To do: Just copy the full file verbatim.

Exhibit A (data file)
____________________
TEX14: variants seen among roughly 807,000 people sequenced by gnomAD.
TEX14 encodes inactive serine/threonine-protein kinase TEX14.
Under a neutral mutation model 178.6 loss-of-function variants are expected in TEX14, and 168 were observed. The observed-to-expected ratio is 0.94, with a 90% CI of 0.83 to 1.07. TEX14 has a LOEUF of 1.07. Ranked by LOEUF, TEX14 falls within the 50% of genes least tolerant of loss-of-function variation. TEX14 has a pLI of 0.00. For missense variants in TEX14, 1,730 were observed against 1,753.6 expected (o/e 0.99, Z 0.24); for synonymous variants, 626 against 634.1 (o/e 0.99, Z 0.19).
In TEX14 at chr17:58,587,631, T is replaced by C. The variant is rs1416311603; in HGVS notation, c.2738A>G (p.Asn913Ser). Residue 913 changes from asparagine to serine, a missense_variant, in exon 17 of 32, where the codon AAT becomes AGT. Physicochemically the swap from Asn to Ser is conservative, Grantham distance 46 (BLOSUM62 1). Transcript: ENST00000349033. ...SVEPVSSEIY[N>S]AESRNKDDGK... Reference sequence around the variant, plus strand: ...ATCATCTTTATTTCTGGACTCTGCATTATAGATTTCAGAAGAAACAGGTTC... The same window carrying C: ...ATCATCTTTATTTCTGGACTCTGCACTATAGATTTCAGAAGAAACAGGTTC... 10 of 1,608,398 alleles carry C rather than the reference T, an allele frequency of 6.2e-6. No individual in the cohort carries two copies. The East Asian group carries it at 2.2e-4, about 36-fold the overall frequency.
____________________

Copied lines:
TEX14: variants seen among roughly 807,000 people sequenced by gnomAD.
TEX14 encodes inactive serine/threonine-protein kinase TEX14.
Under a neutral mutation model 178.6 loss-of-function variants are expected in TEX14, and 168 were observed. The observed-to-expected ratio is 0.94, with a 90% CI of 0.83 to 1.07. TEX14 has a LOEUF of 1.07. Ranked by LOEUF, TEX14 falls within the 50% of genes least tolerant of loss-of-function variation. TEX14 has a pLI of 0.00. For missense variants in TEX14, 1,730 were observed against 1,753.6 expected (o/e 0.99, Z 0.24); for synonymous variants, 626 against 634.1 (o/e 0.99, Z 0.19).
In TEX14 at chr17:58,587,631, T is replaced by C. The variant is rs1416311603; in HGVS notation, c.2738A>G (p.Asn913Ser). Residue 913 changes from asparagine to serine, a missense_variant, in exon 17 of 32, where the codon AAT becomes AGT. Physicochemically the swap from Asn to Ser is conservative, Grantham distance 46 (BLOSUM62 1). Transcript: ENST00000349033. ...SVEPVSSEIY[N>S]AESRNKDDGK... Reference sequence around the variant, plus strand: ...ATCATCTTTATTTCTGGACTCTGCATTATAGATTTCAGAAGAAACAGGTTC... The same window carrying C: ...ATCATCTTTATTTCTGGACTCTGCACTATAGATTTCAGAAGAAACAGGTTC... 10 of 1,608,398 alleles carry C rather than the reference T, an allele frequency of 6.2e-6. No individual in the cohort carries two copies. The East Asian group carries it at 2.2e-4, about 36-fold the overall frequency.